For John Staffen, the New York State Lottery account was the one that got away. Staffen, who helped create the "Hey, you never know" campaign, took the loss personally when, after 10 years at DDB in New York, the client moved the business to Grey in 1998.
Three years later, DDB's veteran art director with the near-permanent smile led the pitch that brought back the $60 million account and the original tagline. In October, Staffen was promoted to executive creative director, running DDB's 32-person creative department. That same month, he helped the agency win the Yankees Entertainment Network business.
Staffen, 40, has reached a professional turning point after an 18-year career spent almost entirely at DDB's New York headquarters. (He's done short stints at then-Chiat/Day, New York, and Ogilvy & Mather, Toronto.) "I like John's ability to rally people," says DDB New York chairman Bob Kuperman, who joined the agency in January from TBWA. "He has a great sense and ability to sum up people's strengths and weaknesses."
Staffen's work stays true to the agency brand, says Kuperman. Staf fen himself says its strength is in what it lacks—a signature style. His reel ranges from what he calls a "lovely and sentimental" McDonald's spot involving a coming-of-age story to a hilarious Bud Light ad (Staffen's team surreptitiously filmed taxicab rides featuring one of the Jerky Boys as a dispatcher harassing the driver to make a beer run).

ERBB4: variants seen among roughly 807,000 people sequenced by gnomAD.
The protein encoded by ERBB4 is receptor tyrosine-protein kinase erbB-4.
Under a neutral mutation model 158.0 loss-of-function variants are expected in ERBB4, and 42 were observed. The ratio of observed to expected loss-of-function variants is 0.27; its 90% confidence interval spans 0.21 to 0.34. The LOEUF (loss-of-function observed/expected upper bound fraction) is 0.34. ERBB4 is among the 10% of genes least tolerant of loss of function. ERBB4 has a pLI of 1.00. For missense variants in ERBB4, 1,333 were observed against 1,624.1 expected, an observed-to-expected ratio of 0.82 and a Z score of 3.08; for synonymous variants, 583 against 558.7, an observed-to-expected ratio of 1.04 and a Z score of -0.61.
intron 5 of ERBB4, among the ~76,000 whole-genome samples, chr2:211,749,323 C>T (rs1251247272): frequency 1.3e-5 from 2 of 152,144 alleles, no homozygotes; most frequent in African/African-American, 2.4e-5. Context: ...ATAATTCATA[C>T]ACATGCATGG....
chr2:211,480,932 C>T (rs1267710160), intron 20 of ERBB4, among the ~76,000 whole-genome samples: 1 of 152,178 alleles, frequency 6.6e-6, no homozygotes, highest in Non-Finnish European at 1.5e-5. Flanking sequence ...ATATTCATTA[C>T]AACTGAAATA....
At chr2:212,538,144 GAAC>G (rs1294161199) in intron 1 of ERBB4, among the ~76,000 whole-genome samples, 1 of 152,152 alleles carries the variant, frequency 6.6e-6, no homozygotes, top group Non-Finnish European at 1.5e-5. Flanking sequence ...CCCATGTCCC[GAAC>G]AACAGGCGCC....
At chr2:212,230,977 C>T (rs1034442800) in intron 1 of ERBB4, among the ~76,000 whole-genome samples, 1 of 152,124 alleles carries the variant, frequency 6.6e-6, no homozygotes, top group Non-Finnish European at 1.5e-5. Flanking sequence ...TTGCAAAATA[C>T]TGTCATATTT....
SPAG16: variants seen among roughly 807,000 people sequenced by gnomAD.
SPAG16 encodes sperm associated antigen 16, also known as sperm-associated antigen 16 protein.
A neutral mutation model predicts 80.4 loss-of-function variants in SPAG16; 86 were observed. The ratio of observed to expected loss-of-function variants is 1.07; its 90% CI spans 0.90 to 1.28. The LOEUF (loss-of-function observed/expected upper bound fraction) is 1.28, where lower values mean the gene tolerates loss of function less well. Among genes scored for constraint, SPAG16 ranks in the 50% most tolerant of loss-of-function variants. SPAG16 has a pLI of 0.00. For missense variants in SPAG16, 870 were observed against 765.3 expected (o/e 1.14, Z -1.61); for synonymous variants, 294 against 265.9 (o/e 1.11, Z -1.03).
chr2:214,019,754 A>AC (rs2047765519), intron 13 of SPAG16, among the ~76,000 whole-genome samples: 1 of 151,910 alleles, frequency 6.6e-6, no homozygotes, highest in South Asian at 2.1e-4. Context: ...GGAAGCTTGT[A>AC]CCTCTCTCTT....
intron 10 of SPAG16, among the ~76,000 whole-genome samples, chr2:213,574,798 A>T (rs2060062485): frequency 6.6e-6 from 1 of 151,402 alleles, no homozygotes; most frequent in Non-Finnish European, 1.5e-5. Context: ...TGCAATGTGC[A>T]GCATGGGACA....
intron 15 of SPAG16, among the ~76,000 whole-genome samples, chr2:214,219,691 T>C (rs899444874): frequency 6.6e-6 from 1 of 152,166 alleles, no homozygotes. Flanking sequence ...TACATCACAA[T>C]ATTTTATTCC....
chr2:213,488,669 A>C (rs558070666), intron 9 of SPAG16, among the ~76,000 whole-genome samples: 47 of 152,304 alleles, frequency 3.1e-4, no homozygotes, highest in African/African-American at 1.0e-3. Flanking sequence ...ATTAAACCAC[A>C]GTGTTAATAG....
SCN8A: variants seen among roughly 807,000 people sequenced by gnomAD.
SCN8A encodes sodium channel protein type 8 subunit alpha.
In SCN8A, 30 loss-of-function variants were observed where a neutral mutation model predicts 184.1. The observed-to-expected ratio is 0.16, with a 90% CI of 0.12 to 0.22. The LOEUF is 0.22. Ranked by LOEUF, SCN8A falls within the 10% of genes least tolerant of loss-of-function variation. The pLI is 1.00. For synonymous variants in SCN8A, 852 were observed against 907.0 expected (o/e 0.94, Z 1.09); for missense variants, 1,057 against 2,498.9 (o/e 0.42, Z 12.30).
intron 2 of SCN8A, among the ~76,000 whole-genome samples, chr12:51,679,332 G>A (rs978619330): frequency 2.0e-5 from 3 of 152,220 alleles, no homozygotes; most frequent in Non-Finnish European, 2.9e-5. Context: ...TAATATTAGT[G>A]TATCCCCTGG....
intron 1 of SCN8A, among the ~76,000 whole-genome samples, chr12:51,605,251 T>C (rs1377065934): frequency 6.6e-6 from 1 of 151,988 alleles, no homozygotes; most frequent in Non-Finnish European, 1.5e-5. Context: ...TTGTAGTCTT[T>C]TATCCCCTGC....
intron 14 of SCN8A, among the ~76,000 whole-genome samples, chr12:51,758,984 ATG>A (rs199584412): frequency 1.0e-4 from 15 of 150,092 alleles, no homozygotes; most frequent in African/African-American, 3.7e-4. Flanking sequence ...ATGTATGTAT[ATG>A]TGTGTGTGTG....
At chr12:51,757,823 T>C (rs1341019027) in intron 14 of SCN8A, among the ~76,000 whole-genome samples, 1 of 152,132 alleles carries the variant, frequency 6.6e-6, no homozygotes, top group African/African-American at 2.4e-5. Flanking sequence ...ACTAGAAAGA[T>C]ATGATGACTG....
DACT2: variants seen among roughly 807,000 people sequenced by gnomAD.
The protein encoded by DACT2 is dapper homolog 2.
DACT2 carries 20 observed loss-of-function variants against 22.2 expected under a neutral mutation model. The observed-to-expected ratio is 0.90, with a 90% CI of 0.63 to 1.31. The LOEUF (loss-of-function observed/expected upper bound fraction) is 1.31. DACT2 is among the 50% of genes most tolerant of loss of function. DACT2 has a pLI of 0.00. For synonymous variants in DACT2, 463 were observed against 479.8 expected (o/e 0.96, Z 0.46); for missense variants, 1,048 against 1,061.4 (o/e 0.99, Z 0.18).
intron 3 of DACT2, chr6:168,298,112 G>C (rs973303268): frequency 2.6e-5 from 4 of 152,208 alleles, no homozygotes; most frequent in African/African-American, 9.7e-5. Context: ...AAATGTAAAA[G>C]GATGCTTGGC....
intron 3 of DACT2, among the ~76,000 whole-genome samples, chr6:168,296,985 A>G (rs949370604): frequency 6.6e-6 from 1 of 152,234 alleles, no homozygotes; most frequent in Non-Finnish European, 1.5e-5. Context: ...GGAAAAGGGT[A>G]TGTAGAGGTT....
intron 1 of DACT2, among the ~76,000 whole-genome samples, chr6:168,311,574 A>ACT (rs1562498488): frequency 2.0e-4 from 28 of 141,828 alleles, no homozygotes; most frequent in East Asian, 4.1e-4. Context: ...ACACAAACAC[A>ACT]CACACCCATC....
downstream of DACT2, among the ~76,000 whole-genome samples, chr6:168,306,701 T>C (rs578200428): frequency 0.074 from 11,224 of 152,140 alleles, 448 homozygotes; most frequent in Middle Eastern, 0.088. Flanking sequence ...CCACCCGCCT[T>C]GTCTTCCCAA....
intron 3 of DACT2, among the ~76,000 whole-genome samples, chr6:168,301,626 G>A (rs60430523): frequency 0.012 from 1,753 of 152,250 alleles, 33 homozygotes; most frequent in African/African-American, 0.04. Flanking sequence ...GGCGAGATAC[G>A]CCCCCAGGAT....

"We have to know when to give the rah-rah speech, when to make you laugh or cry—and when to use the Jerky Boys," says Staffen, who credits his "form follows function" approach to his years at Art Center College of Design in Pasadena, Calif., where an occasional instructor was none other than Kuperman.
Staffen's personal style is marked by his open, affable demeanor, but also by his tendency to be a tough judge of his staff's creative. Not a believer in hierarchical management, he prefers the creative department's common work area to his office. That hands-on style, however, raises questions about whether Staffen can distance himself enough from the work to be an effective leader. "People's strengths are also sometimes their weaknesses," says a former colleague. "He gets so wrapped up in the work, he tends not to delegate."
It's a fair assessment, says Staffen. "That's a challenge to any creative director who's risen through the ranks," he adds. "It's something I'll have to grow into. But I like leading by example, and I expect the people who work for me to push themselves as far as I'm willing to."
Though he spoke to outside candidates for the ecd job, Kuperman says that after observing Staffen for 10 months, Staffen was clearly his man. For the Lottery business, he says, "John ran the creative almost singlehandedly, and I was impressed with the way he presented the work and understood the strategy."
DDB's new campaign, which broke in October, features ordinary people singing the Barenaked Ladies tune "If I Had a Million Dollars." "I thought of using that song two years ago, after the account was gone," says Staffen, smiling, with an appreciation for life's absurdities.